As for online learning, teachers will walk away with a simple system--using built-in “reaction” emojis to promote engagement and interaction when overlapping student voices would otherwise be problematic in an online space. There will also be an overview and demonstration of applications which can formatively assess students, which is a tacit method of tracking engagement and participation.  


Participants will discuss the theory behind these procedures and routines, receive guidance in implementing them in their classes and how to routinize these behaviors in their learners.  

Phillip Harvey.jpeg

The presenter is Phillip Harvey and he is a Upper Secondary teacher at Vietnam Australia International School. He currently holds a TEFL certification as well as a K-12 US Teaching License. He has more than seven years of experience with language instruction, including General English, Business English, and the IELTS Exam. He is interested in classroom management and learner training while developing learner fluency and linguistic mediation skills.  

Daniel Holt
Promoting Independence through Extensive Reading 

In this interactive workshop we will be exploring how extensive reading strategies can inspire learners to become more autonomous outside of the classroom. Extensive reading already has a strong evidence base, but it isn’t always clear how we as teachers should implement reading programmes, or how we can develop independent reading habits in our students.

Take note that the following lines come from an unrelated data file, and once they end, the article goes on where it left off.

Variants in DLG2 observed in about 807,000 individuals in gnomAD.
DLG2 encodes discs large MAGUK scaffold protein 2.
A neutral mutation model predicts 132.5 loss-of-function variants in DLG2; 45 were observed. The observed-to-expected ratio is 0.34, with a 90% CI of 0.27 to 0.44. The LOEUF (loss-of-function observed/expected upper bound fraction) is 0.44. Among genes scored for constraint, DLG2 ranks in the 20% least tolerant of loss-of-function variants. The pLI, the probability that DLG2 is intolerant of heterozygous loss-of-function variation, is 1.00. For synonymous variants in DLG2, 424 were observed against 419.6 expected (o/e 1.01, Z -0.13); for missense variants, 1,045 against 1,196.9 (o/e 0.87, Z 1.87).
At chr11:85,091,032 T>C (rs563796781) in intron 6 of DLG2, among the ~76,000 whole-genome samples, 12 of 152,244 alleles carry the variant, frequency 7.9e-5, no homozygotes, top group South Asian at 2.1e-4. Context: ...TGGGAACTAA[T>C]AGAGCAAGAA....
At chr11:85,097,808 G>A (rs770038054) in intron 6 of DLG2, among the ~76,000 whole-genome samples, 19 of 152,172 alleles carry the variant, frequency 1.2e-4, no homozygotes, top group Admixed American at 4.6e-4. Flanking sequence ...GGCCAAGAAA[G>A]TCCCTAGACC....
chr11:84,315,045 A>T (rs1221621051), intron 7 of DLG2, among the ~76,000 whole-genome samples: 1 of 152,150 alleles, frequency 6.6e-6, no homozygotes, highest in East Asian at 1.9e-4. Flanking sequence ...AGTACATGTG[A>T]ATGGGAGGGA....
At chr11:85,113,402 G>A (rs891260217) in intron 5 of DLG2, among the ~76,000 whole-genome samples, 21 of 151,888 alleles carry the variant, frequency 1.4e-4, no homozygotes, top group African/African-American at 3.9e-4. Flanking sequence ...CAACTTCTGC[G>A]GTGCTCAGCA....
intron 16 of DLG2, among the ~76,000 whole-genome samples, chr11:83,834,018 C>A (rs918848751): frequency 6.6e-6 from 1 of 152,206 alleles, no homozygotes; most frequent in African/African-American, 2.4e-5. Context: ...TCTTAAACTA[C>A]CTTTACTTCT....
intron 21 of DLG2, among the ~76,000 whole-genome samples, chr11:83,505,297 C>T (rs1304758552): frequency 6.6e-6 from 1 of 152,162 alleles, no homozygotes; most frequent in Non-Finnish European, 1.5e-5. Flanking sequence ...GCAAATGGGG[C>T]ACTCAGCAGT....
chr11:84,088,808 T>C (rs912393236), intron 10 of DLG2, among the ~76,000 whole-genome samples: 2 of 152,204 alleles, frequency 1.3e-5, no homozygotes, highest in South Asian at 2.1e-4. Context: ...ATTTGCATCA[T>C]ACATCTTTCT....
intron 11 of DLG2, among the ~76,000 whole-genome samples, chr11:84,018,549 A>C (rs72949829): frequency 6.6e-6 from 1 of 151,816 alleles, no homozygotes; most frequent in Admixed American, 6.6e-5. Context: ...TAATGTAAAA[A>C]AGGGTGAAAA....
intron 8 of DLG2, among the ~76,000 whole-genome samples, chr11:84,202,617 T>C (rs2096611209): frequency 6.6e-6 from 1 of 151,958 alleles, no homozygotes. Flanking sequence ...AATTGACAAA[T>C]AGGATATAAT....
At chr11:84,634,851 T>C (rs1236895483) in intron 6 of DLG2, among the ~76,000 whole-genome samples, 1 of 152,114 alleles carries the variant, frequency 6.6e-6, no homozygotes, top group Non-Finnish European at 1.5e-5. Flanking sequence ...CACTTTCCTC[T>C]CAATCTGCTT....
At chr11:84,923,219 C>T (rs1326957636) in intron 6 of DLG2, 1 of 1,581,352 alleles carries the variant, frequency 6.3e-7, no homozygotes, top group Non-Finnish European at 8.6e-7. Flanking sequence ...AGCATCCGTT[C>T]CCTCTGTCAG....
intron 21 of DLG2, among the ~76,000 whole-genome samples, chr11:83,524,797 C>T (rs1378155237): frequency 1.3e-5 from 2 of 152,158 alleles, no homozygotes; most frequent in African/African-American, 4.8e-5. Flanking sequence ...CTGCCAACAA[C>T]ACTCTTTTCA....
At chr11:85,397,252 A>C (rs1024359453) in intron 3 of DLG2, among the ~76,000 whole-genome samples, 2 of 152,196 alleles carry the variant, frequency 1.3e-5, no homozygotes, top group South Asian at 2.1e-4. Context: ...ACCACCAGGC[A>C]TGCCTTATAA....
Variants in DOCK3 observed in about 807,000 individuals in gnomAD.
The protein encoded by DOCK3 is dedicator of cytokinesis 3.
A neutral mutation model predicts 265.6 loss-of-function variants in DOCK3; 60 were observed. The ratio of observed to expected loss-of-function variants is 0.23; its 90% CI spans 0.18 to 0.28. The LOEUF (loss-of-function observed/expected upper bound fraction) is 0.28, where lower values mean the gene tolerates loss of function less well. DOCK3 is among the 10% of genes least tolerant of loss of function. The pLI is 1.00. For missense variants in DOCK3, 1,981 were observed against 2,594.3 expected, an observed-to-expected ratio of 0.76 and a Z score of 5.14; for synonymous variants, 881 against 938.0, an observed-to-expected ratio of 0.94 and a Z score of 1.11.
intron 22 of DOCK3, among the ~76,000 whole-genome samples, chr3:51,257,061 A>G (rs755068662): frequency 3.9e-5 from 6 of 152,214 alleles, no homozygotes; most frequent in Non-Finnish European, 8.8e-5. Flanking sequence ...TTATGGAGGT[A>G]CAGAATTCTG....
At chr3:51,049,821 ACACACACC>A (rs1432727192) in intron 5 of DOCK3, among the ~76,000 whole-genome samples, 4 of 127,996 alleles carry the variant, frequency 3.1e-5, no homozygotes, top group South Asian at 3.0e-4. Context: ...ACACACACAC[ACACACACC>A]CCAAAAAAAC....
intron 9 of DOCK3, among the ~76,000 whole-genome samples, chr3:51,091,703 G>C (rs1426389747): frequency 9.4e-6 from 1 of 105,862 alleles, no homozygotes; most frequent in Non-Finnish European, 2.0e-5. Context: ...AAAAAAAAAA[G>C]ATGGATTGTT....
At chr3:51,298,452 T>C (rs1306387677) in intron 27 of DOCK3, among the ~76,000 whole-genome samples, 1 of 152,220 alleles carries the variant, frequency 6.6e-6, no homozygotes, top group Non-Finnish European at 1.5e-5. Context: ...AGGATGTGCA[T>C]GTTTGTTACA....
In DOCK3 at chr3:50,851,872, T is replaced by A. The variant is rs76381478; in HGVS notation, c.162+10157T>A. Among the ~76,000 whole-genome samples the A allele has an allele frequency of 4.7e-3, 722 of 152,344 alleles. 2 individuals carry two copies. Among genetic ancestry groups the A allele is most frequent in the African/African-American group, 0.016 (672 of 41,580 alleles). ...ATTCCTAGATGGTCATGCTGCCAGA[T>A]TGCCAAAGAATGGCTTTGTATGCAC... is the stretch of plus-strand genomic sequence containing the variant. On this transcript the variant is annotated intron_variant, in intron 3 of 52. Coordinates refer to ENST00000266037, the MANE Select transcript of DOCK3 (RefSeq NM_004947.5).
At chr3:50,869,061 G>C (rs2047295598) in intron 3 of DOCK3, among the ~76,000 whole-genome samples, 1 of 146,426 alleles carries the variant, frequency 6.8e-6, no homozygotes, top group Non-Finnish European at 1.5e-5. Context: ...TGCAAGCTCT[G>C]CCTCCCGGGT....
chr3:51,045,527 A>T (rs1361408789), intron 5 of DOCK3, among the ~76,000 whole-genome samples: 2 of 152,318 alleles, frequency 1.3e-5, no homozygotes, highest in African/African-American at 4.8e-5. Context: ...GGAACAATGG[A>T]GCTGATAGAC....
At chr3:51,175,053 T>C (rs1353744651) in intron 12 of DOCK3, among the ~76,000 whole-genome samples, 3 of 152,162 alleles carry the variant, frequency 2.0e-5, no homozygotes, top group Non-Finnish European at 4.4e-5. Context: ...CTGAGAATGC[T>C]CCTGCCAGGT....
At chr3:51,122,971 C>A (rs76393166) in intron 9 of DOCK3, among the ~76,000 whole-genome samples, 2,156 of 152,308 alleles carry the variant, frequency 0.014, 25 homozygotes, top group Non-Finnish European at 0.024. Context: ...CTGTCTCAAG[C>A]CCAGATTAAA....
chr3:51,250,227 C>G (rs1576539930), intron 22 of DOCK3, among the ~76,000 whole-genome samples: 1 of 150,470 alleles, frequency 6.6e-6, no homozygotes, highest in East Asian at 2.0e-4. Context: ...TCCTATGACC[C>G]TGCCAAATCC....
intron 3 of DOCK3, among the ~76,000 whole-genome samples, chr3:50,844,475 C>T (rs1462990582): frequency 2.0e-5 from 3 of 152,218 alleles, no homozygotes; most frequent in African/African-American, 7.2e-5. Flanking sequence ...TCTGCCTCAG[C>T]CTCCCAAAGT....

Participants will join in a series of classroom-based activities that are aimed at boosting engagement whilst being simple and easy to implement. We will have time to discuss any possible challenges of the particular challenges as well as brainstorming solutions. We will also explore the benefits of reading fiction in particular, and how reading stories gives learners with different needs the opportunity to build social skills whilst at the same time developing confidence and fluency in reading. 

It will be shown that, by implementing a handful of simple techniques, we as teachers can leverage a strong sense of engagement, adding to a classroom culture of future-readiness and imagination.   

Daniel Holt.JPG

Hi, my name is Daniel Holt. I have been teaching at RMIT now for almost five years. I teach Academic English and IELTS, but my specialism is English for Teens.  I am passionate about learning and have a deep love of languages. I believe that good quality language learning involves not only the mechanics of grammar and vocabulary, but a deeper exploration of culture and the world around us. 

May Barbree
Learner autonomy and inclusive teaching: Allowing students to shape their own learning experiences. 

This workshop will explore a core feature of inclusive teaching: optimizing individual choice and autonomy. We will examine ways that teachers can offer choices based on student identity, language proficiency, and learning needs without increasing their workload, and how these choices foster independence and autonomy. Participants, in addition to contributing their own ideas and experience with inclusive teaching, will take away activities for varying assignment and assessment design, practical tips for making tasks and courses more inclusive, and low-effort techniques to build autonomy into lessons.